Thursday, August 18, 2011

Dark Dreamer by Jennifer Fulton

Publisher:           Bold Strokes Books

If you are a fan of Jennifer Fulton and think you know what to expect because you have read her other books, be forewarned. Dark Dreamer is very different from her earlier work. 

Rowe Devlin is a best-selling writer who has developed a total block, the consequence of which is that her last two books have been complete flops. Her private life has not fared much better as she has bounced from one unsuccessful relationship to another. In desperation she retreats to an old Victorian house in Maine called Dark Cottage. If she cannot find the idea for a new book, at least she can hide from her fans and her publisher. 

Unfortunately, the peace and quiet she hopes will provide inspiration is short-lived when it becomes apparent that Dark Cottage is haunted by a spirit that will not leave Rowe alone. To add to her misery, her neighbors Phoebe and Cara Temple, who are identical twins, provide more distraction when Rowe finds that she is romantically drawn to each one. At one point in the story there is a real perception that Rowe may give in to her confusion and be involved with both sisters.

The Temples have a secret too. Phoebe, who was injured in an accident years before, has been left with psychic powers, which the sisters use to help solve crimes. Cara is the outgoing twin who functions well in the regular world and acts as the facilitator/manager for Phoebe, who would rather stay in her quiet home, cook and ignore the rest of the world. At first the sisters are able to keep their service quiet, working only with a single FBI agent who helps to keep them out of the limelight. Eventually though, Phoebe's talents draw the attention of the CIA and the Office of Homeland Security and the sisters find themselves unwilling recruits in the war on terrorism. And, with all of this going on, the sisters are also trying to help Rowe solve a gruesome murder that happened many years ago and produced spirits who are making it impossible for her to enjoy Dark Cottage.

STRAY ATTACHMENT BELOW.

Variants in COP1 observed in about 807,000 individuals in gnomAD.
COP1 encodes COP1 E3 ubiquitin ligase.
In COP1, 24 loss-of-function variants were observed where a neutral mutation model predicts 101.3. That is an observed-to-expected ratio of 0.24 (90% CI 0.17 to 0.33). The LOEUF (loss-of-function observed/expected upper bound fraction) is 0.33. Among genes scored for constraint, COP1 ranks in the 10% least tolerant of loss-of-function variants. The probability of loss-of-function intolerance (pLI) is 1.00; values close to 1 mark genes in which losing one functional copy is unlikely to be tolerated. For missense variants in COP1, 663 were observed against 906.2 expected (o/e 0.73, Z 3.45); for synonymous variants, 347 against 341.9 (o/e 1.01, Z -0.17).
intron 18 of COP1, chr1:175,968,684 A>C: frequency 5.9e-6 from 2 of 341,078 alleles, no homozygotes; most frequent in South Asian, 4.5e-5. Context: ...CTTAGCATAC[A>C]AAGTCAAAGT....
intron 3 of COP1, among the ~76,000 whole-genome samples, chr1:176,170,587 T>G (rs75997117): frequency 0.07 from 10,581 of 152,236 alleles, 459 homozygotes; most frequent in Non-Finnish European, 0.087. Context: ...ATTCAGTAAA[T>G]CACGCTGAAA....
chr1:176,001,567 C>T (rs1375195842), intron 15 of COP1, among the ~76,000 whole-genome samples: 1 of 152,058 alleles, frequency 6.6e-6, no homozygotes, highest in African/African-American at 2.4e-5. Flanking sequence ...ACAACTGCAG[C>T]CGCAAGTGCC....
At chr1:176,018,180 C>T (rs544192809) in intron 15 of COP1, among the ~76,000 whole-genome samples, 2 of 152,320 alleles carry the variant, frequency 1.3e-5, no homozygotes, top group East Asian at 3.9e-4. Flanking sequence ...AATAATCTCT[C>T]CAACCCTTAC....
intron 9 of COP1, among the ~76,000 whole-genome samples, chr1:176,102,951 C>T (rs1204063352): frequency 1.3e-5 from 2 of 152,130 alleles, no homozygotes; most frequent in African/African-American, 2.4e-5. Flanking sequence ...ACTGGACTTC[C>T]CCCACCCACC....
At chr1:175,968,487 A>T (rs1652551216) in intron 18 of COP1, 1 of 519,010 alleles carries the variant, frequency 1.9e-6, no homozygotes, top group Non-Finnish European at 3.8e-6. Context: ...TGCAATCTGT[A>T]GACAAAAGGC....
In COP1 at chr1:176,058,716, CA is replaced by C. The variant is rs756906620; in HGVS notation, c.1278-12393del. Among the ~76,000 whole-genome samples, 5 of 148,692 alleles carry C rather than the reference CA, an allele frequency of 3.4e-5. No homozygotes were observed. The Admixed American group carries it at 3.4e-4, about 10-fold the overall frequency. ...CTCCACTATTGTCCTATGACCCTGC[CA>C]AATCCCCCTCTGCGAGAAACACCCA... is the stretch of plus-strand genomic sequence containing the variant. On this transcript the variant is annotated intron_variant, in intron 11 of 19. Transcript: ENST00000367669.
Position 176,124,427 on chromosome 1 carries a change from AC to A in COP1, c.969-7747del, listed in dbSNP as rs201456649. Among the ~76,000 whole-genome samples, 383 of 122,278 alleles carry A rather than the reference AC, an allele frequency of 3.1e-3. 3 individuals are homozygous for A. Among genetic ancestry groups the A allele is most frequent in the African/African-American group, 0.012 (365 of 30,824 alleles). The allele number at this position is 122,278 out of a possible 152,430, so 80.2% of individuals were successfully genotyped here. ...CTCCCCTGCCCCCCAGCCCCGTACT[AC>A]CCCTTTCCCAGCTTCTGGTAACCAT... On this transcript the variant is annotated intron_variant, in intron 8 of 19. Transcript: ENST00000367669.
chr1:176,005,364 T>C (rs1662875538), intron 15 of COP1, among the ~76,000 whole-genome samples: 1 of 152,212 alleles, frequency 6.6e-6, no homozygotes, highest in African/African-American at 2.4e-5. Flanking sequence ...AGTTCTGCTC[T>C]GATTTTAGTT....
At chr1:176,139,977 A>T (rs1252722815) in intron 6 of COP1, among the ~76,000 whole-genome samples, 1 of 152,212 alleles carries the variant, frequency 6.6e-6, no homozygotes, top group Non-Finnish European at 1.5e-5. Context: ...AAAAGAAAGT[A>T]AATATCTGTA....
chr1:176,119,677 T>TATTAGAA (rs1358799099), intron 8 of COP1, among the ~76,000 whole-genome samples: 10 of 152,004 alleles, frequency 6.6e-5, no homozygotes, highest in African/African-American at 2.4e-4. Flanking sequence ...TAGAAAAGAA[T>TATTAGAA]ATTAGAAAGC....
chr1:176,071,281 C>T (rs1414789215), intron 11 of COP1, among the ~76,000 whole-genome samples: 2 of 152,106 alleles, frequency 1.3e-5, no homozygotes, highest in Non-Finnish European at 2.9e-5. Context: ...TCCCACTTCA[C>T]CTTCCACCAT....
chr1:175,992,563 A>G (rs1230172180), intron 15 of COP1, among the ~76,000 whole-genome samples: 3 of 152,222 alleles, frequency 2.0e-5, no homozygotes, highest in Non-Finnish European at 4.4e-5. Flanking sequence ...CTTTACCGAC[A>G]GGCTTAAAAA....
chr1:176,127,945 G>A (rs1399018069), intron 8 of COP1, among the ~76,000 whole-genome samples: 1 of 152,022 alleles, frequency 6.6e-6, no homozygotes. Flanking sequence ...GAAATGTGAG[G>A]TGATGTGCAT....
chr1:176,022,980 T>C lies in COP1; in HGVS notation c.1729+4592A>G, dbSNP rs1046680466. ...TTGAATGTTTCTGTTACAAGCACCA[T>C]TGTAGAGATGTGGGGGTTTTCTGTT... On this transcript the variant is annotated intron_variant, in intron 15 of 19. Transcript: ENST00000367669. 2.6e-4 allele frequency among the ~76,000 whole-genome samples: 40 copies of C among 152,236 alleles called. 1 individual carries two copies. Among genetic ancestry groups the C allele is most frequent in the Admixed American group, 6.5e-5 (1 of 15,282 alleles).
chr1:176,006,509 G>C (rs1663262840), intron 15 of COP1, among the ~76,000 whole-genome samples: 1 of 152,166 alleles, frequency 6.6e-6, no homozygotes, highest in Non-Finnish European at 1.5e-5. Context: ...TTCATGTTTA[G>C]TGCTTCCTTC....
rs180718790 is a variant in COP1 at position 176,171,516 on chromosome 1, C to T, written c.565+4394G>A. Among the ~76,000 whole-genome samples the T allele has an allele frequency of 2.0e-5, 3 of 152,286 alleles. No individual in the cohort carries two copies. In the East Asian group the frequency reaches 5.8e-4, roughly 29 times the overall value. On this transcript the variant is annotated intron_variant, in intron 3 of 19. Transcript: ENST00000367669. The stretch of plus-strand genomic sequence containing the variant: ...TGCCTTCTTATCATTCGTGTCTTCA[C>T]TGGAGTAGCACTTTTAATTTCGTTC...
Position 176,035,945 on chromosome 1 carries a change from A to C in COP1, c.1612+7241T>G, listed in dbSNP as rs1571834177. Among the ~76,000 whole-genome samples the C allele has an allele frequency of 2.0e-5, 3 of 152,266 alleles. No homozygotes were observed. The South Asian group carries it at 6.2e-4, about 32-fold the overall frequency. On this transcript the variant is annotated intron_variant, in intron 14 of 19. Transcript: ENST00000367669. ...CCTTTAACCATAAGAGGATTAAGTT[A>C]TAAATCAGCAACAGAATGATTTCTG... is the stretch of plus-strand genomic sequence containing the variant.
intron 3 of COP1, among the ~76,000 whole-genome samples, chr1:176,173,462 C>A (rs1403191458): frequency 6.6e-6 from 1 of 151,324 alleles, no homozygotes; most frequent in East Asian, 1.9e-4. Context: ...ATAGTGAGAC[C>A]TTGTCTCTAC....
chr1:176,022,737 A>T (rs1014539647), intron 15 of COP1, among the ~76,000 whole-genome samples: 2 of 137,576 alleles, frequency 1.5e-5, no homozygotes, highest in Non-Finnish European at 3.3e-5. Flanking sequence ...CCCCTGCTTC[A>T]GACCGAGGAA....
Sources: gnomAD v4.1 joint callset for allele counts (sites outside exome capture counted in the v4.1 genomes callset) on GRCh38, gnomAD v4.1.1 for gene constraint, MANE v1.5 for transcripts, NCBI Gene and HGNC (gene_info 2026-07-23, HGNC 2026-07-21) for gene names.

If you have the impression that there are a lot of story lines, you would be correct. This is a more complex book than many of Fulton's fans are used to. There is also a darkness, a brooding feeling of evil, that is new to Fulton. Dark Dreamer is the first of a new series that Fulton is embarking on and it's obvious that she's experimenting with some new writing, perhaps drawing on the old Gothic mystery format for inspiration. It will be up to her readers to decide if they will embrace this new approach like they have her earlier romantic novels.

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